Community Dental Centres Limited v Sultan-Darmon (2010)

Community Dental Centres Limited v Sultan-Darmon (2010)

In the case of Community Dental Centres Limited v Sultan-Darmon, the Employment Appeal Tribunal solidified what constituted to a fundamental right of substitution. Simultaneously, this case provided valuable guidelines for professionals providing services in the healthcare industry.

Dr Sulton-Darmon worked for the End Client Community Dental Centres Limited (“CDC”) on a consultancy basis. He worked there between 2002-2009 as a Dentist. Primary care trusts would contract with CDC for dental services. These services were provided by Dr Sultan-Darmon or other contractors holding a similar position.

There were numerous factors indicating that Dr Sultan-Darmon was being treated as a disguised employee. Firstly, Dr Sultan-Darmon appeared to be heavily controlled as he was required to work fixed hours by CDC, limited to time he could take off and was on a roster for on-call emergencies. Additionally, CDC provided him with: basic equipment; support staff; a premises to work from; introductions to patients requiring dental work and monthly patient targets.

In contrast to this, there were also factors that supported his employment status as an independent contractor: the substitution clause in the contract had been exercised by other dentists; Dr Sultan-Darmon was paid per patient / per unit of dental activity; Dr Sultan-Darmon provided his own work wear; liability for bad debts were split equally between both parties; the contract accurately reflected the working practices; Dr Sulton Darmon provided his own insurances; CDC were indemnified for any defective works as a result of negligence; Dr Sultan Darmon could undertake private work and he has to meet some of the costs of the laboratory work generated from treating patients. As a result of the plethora of these factors, on balance it was clear that they outweighed any argument that Dr Sulton Darmon had an employment relationship with CDC.

What can healthcare professionals learn from this case? Firstly, not receiving holiday pay or sickness benefits will not be enough to distinguish an independent contractor from an employee. Secondly, it would always be advised to be paid per patient to allow you to demonstrate that financial risk is present and that there is no mutuality of obligations. This is because you would be in control as to when you pick and choose which patients to see and when. This is also distinguishable from an employee who is paid at an hourly or daily rate or alternatively an annual salary. Also, some items such as: being on call, having targets set by the client, working fixed hours, can counter-balance with factors that demonstrate independence from the client. Finally, it is of paramount importance to ensure that a contract accurately mirrors working practices. For example, Dr Sultan Darmon’s contract stated that he was “a self-employed independent contractor dentist with full clinical freedom and accepting full clinical responsibility”. This is a powerful clause as it includes 3 key IR35 elements: Dr Sultan-Darmon has autonomy in relation to his work; he bears financial risks of any errors (he is not covered by CDC’s insurances) and it was intended for Dr Sultan-Darmon to be engaged on a self-employed basis.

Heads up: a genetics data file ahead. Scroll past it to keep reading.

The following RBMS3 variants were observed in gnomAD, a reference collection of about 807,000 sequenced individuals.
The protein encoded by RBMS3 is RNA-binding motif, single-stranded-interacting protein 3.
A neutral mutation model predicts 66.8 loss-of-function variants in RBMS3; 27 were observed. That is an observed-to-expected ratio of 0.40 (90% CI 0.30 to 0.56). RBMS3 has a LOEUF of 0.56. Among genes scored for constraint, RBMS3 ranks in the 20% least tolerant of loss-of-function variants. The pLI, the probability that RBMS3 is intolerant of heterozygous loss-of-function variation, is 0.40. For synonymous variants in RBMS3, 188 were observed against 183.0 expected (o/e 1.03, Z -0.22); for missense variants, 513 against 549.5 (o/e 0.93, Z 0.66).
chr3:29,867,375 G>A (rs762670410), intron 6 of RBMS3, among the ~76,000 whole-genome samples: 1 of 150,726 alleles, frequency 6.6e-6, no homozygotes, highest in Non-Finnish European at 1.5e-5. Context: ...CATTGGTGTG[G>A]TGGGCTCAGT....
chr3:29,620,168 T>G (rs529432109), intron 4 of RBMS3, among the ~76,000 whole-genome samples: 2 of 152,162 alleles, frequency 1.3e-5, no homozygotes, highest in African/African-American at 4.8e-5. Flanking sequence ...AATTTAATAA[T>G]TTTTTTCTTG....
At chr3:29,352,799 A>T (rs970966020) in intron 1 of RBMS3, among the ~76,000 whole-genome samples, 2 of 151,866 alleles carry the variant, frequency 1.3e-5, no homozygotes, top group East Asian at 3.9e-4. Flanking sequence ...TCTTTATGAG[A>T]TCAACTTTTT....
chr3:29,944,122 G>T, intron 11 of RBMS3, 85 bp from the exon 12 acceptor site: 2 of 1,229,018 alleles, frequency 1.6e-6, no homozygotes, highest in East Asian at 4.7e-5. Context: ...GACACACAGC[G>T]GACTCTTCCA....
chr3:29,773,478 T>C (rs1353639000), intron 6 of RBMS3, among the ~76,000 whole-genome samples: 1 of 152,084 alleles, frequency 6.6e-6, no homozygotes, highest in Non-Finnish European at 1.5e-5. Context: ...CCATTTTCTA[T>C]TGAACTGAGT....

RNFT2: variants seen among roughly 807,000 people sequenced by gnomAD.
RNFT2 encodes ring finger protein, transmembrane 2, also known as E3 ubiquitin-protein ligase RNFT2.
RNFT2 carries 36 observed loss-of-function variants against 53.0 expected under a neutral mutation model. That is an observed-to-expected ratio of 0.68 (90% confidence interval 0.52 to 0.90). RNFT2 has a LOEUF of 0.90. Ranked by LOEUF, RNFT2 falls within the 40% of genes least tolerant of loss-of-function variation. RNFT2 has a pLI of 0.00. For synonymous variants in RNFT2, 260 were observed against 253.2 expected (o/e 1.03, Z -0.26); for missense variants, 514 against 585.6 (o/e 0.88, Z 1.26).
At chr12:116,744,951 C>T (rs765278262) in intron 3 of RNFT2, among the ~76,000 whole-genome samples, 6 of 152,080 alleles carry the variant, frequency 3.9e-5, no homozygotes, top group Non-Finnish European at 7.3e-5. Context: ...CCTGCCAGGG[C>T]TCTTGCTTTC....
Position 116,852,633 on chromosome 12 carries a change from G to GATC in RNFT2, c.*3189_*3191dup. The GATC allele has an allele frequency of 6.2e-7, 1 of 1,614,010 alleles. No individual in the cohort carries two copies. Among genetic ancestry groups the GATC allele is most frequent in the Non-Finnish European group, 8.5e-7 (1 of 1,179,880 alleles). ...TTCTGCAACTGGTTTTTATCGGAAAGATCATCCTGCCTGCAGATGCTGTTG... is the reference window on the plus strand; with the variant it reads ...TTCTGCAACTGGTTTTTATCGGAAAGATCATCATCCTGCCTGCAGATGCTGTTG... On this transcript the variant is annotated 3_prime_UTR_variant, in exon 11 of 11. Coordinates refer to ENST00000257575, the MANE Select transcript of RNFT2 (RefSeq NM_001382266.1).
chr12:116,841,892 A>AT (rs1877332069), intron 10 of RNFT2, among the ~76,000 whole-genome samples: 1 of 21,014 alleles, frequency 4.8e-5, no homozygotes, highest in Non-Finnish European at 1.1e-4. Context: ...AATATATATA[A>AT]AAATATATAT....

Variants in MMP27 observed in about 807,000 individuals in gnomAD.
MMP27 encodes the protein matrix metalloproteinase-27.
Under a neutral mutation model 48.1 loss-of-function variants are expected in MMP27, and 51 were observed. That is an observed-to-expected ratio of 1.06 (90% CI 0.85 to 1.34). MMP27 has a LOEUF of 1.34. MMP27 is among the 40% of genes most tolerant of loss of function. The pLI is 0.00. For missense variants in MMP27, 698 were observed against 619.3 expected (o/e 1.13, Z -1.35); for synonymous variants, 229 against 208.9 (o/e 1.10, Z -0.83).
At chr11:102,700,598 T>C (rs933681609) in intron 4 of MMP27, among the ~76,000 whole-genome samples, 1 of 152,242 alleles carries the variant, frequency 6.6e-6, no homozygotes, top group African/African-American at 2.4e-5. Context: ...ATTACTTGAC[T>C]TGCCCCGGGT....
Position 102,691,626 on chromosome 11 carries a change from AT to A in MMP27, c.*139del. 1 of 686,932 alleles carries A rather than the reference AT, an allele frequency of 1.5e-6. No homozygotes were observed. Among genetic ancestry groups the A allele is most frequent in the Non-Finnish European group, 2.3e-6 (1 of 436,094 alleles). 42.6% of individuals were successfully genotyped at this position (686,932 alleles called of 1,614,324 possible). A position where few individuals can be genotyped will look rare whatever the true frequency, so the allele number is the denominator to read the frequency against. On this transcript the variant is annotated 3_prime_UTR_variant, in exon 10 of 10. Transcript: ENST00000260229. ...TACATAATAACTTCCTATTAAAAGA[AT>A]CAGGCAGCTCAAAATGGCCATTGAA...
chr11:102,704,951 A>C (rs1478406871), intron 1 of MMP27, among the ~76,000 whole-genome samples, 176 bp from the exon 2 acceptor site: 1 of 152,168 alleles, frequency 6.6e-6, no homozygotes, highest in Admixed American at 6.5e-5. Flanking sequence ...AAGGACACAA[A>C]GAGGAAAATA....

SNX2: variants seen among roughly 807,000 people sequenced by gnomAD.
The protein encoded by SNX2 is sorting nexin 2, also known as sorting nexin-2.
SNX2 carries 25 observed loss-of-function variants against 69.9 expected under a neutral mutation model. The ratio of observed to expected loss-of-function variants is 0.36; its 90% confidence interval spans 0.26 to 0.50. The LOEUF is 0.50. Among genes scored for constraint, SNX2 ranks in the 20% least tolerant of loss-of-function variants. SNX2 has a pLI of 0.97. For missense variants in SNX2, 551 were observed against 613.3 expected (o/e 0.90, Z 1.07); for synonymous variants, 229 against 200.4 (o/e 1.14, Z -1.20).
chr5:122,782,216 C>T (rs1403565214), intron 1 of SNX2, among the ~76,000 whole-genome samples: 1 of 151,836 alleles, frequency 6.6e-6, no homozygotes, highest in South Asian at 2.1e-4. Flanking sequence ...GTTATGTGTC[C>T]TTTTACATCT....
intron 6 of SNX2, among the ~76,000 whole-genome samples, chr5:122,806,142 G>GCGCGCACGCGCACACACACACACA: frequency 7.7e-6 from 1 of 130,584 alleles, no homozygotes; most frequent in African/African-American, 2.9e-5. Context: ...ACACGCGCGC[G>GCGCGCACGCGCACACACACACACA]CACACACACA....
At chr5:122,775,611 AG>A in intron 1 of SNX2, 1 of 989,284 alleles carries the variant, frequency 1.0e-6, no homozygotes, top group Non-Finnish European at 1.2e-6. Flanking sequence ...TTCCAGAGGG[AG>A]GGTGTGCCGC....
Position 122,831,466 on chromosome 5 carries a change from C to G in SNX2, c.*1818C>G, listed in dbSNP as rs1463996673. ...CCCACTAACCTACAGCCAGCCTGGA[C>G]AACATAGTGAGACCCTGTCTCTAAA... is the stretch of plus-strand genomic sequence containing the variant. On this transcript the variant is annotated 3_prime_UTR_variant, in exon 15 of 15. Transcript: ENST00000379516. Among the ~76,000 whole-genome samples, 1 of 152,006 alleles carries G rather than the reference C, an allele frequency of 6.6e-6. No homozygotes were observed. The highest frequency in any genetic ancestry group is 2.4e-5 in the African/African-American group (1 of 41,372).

Substitution was an imperative component in this case. The substitution clause within the contract between both parties read as followed: “In the event of your failure (though ill-health, maternity leave or other causes excluding up to 30 days’ annual holiday allowance) to utilise the facilities for a continuous period of 5 days you shall make arrangements for the use of the facilities of a locum tenens acceptable to [CDC] and in the event of your failure to make such arrangements [CDC] shall have the authority to appoint a locum tenens if possible to act on your behalf who should be your servant or agent and shall be paid by you”. The Employment Appeal Tribunal confirmed that a substitution clause can be detrimental to a claim of disguised employment where: the contractor accepts responsibility for the substitute, for example where the contractor pays the substitute through their limited company; where a contractor can demonstrate that substitution has be exercises in practice, for example contractors working alongside Dr Sultan-Darmon had provided a substitute and where the clause is not limited to circumstances where you are unable to perform the services, for example through ill health or maternity leave.